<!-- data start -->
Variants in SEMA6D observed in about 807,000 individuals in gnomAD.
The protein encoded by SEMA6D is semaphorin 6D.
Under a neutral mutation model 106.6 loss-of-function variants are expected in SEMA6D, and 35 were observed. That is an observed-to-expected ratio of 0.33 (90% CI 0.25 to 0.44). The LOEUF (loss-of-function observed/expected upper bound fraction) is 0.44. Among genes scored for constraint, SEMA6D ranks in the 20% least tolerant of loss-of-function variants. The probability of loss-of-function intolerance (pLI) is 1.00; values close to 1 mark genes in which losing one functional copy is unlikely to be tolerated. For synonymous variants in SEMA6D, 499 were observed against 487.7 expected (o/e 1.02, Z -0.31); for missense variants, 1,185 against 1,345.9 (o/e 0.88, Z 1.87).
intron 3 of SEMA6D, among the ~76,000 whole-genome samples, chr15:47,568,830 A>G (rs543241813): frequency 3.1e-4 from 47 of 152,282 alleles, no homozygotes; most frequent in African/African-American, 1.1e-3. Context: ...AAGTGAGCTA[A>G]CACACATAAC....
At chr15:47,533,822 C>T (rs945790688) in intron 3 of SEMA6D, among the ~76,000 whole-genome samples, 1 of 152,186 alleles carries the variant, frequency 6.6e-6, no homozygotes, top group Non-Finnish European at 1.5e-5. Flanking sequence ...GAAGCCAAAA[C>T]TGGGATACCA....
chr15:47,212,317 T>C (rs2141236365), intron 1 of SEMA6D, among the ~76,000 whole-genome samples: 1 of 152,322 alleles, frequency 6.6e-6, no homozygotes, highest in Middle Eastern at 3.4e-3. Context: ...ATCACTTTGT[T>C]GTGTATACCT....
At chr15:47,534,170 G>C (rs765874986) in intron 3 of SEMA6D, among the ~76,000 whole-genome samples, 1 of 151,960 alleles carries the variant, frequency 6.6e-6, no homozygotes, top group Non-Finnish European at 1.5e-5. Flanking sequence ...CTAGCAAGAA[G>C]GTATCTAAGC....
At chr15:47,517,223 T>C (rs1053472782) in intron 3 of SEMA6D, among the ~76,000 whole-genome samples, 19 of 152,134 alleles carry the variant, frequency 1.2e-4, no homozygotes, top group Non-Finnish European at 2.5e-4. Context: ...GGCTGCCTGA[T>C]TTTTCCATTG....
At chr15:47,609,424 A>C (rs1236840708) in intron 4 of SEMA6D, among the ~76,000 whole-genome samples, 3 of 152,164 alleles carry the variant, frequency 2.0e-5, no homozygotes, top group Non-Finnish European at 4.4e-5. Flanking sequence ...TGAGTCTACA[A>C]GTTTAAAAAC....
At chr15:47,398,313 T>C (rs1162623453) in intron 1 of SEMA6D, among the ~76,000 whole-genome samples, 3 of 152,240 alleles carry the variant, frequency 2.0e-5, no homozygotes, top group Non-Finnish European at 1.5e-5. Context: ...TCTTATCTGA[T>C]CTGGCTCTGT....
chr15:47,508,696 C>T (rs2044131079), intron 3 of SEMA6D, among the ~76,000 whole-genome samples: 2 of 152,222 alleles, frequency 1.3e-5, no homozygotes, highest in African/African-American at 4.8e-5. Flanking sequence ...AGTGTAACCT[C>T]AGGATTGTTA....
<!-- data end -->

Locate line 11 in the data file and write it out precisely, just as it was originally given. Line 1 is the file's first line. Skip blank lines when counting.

chr15:47,508,696 C>T (rs2044131079), intron 3 of SEMA6D, among the ~76,000 whole-genome samples: 2 of 152,222 alleles, frequency 1.3e-5, no homozygotes, highest in African/African-American at 4.8e-5. Flanking sequence ...AGTGTAACCT[C>T]AGGATTGTTA....